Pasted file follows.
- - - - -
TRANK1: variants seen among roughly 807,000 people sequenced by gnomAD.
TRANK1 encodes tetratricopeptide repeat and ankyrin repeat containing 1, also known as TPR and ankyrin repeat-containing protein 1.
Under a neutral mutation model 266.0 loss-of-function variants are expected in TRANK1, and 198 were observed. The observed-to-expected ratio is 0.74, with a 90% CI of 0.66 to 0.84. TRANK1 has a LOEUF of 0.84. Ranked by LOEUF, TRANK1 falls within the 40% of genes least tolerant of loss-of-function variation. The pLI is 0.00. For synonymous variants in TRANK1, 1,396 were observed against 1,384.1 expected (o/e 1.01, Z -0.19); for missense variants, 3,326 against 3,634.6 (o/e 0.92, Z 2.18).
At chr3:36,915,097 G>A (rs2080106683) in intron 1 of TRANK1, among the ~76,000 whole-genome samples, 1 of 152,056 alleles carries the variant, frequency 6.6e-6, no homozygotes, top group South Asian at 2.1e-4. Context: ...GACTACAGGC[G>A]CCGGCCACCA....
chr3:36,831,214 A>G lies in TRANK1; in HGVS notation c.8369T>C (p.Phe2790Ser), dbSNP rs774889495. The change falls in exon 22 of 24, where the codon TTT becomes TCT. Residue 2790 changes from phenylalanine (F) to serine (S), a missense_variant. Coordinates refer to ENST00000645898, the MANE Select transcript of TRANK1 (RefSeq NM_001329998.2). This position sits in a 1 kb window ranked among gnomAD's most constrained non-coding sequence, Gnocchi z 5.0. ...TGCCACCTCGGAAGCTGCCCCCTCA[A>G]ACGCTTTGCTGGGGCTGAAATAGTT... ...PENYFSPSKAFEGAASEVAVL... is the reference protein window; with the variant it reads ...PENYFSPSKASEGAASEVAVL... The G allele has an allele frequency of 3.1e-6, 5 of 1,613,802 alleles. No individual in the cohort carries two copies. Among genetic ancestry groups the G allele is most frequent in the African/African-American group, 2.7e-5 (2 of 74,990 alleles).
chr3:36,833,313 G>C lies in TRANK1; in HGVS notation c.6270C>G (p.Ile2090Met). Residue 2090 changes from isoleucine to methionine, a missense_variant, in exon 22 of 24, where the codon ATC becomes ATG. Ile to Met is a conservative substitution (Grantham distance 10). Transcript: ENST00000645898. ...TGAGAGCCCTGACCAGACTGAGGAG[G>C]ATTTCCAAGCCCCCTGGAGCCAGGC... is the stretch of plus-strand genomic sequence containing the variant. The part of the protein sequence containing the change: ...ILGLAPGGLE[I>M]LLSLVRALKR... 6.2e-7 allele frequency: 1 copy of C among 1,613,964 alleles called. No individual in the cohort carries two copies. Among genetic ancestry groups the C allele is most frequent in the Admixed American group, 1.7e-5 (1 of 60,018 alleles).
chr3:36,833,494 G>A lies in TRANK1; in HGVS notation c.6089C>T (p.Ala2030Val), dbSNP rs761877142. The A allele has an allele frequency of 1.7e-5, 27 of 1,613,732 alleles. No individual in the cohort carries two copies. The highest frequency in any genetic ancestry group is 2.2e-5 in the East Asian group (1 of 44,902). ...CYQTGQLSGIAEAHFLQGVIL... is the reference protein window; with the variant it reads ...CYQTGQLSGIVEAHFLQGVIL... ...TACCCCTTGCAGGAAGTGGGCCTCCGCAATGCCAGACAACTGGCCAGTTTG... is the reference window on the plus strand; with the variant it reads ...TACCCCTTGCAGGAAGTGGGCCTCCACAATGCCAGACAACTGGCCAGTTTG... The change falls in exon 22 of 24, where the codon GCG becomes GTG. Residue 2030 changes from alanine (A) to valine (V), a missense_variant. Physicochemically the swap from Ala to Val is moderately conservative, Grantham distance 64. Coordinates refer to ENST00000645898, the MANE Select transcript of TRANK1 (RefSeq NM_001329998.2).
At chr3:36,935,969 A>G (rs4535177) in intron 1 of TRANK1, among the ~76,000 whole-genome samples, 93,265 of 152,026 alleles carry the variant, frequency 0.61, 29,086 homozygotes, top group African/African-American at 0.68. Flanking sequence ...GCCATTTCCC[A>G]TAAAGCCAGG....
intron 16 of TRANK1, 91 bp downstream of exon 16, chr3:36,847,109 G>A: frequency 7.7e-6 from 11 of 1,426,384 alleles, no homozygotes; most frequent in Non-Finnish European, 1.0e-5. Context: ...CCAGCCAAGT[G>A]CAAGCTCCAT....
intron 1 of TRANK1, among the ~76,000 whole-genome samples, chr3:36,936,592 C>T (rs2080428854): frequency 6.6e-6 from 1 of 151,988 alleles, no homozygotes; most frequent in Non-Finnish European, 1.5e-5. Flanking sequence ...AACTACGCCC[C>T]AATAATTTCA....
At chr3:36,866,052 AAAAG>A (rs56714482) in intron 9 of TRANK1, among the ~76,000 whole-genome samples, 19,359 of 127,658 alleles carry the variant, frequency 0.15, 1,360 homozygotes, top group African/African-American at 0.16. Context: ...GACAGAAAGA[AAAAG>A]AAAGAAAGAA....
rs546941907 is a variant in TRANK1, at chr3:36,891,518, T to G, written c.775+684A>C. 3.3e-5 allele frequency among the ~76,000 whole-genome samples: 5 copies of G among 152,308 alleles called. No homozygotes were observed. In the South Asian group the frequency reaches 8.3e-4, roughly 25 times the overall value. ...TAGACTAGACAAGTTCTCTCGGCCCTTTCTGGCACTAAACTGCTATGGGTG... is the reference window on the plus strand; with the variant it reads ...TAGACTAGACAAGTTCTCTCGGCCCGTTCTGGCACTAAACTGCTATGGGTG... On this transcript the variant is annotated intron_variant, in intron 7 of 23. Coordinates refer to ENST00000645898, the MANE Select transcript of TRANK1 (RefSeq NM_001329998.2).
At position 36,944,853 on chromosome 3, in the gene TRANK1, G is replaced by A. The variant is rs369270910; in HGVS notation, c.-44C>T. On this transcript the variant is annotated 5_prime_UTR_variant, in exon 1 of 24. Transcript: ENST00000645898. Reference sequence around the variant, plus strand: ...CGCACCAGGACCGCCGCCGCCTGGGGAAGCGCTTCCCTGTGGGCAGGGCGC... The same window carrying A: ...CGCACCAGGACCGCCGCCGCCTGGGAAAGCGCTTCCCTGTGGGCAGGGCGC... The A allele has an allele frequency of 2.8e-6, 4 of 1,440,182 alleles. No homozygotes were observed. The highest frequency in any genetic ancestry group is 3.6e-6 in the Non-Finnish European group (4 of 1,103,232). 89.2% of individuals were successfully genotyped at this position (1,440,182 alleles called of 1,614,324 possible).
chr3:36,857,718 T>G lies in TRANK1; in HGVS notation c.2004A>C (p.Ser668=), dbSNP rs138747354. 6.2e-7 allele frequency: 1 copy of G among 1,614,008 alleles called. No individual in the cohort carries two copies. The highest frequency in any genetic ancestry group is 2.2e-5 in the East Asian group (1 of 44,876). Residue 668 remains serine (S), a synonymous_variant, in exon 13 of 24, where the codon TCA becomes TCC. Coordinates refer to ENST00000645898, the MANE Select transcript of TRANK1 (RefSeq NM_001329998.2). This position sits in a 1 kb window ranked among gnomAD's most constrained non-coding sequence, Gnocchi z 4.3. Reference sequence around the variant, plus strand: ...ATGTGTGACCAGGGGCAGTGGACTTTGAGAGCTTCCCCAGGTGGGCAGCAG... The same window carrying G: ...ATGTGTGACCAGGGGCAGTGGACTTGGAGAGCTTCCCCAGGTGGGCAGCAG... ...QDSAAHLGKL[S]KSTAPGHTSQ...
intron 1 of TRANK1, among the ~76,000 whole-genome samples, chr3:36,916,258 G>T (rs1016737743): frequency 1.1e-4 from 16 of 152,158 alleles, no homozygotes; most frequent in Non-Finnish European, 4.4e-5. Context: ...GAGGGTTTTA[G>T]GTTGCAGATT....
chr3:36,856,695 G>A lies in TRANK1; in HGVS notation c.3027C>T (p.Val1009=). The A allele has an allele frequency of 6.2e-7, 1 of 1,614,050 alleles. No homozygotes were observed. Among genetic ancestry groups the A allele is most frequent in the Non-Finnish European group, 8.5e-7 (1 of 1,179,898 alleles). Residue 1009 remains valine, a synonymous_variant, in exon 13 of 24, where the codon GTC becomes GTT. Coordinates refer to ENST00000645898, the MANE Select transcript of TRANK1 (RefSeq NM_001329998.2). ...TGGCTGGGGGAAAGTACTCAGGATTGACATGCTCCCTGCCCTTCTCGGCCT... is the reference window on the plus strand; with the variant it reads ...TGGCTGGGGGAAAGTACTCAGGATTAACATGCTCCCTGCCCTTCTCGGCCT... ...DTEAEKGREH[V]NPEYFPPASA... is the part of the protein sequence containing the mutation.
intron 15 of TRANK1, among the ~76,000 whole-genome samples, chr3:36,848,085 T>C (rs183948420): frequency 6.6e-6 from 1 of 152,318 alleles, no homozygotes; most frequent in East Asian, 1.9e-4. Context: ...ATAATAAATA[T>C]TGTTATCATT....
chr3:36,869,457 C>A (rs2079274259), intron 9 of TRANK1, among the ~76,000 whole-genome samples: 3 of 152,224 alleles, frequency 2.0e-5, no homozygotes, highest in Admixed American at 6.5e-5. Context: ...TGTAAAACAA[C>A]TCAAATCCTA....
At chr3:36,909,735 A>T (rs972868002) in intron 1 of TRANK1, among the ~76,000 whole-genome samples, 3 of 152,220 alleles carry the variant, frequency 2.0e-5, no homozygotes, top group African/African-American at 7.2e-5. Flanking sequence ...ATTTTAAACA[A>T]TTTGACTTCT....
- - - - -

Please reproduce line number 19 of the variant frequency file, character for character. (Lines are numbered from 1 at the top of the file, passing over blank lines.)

At chr3:36,909,735 A>T (rs972868002) in intron 1 of TRANK1, among the ~76,000 whole-genome samples, 3 of 152,220 alleles carry the variant, frequency 2.0e-5, no homozygotes, top group African/African-American at 7.2e-5. Flanking sequence ...ATTTTAAACA[A>T]TTTGACTTCT....